June 15, 2011
Timothy Brown did not set out to become a beacon of hope for an end to AIDS, but that is what has happened.
Brown learned he was HIV-positive in 1995. Then in 2006, he was diagnosed with acute myeloid leukemia. He underwent a stem-cell transplant at University Hospital in Berlin, performed by oncologist Gero Huetter and colleagues. Of the 230 possible donor matches for Brown, Huetter deliberately picked one who carried genetic resistance to HIV, with the goal of tackling both Brown's HIV and leukemia.
Brown, known in medical circles as the "Berlin Patient," was the focus of a case study in the New England Journal of Medicine in February 2009. Twenty months after Brown's immune system was destroyed by radiation and rebuilt with donated bone marrow, Huetter's team reported they could not detect HIV in his body.
In the 30 years since AIDS was first reported, talk of a cure has been downplayed, even viewed as a distraction from the critical tasks of prevention and treatment. But in a June 7 Annals of Internal Medicine report, Drs. Anthony Fauci and Carl W. Dieffenbach of the National Institute of Allergy and Infectious Diseases abandoned their reluctance to discuss cures, noting that Brown's case offers proof of concept that the fight against HIV/AIDS can advance beyond daily drug cocktails.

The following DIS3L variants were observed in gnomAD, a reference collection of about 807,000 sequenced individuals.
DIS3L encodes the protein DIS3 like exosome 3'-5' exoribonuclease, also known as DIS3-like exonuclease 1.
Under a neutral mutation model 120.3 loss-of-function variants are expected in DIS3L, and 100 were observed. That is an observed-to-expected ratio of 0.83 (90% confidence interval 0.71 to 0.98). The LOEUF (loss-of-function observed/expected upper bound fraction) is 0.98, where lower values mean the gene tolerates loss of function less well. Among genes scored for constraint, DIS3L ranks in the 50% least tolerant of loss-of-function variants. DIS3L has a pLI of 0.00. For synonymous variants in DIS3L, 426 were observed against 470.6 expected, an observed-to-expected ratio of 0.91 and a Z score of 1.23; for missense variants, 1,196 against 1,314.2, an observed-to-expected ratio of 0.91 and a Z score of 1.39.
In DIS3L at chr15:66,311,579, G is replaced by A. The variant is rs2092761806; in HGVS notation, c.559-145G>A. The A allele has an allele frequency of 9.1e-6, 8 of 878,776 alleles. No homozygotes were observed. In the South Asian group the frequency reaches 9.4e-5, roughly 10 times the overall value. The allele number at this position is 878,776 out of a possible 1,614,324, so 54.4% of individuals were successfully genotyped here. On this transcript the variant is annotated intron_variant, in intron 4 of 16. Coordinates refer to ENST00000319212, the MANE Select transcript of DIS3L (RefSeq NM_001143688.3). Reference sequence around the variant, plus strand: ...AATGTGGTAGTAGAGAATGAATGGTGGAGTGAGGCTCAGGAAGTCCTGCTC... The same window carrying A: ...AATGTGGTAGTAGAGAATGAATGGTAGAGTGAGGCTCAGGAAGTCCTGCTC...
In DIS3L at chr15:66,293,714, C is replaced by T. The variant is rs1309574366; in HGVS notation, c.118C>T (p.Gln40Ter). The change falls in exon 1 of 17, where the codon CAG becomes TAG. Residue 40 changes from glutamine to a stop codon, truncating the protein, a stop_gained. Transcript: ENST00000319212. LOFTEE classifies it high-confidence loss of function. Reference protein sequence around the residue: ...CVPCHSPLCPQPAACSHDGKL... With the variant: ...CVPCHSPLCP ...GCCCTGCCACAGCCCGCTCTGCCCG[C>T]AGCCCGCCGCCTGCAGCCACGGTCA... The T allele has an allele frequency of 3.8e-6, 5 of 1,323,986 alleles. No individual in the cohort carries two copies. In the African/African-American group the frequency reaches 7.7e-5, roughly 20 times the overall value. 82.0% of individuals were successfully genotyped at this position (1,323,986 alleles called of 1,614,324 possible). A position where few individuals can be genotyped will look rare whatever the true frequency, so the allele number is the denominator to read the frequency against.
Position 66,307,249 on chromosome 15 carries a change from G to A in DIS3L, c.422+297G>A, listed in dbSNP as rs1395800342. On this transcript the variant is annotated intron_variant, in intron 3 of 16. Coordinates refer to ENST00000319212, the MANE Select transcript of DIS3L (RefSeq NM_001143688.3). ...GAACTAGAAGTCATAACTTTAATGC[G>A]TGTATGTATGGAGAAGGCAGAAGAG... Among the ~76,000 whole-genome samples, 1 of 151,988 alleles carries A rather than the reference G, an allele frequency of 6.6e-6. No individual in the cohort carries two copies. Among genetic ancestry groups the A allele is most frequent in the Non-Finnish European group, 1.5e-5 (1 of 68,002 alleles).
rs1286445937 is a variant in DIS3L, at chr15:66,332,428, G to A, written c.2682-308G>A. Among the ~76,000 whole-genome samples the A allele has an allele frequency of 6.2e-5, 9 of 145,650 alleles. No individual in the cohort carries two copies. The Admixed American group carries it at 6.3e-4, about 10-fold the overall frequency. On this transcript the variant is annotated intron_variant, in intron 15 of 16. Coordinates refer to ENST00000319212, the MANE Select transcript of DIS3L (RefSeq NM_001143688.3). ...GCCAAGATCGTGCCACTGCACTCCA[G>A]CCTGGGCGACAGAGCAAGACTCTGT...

Recently, Brown spoke in San Francisco at an American Foundation for AIDS Research (amfAR) event entitled "Cure -- Still a Four-Letter Word?" "It's an incredible feeling -- like a miracle," Brown said. "I had two lethal diseases and was able to get rid of both of them."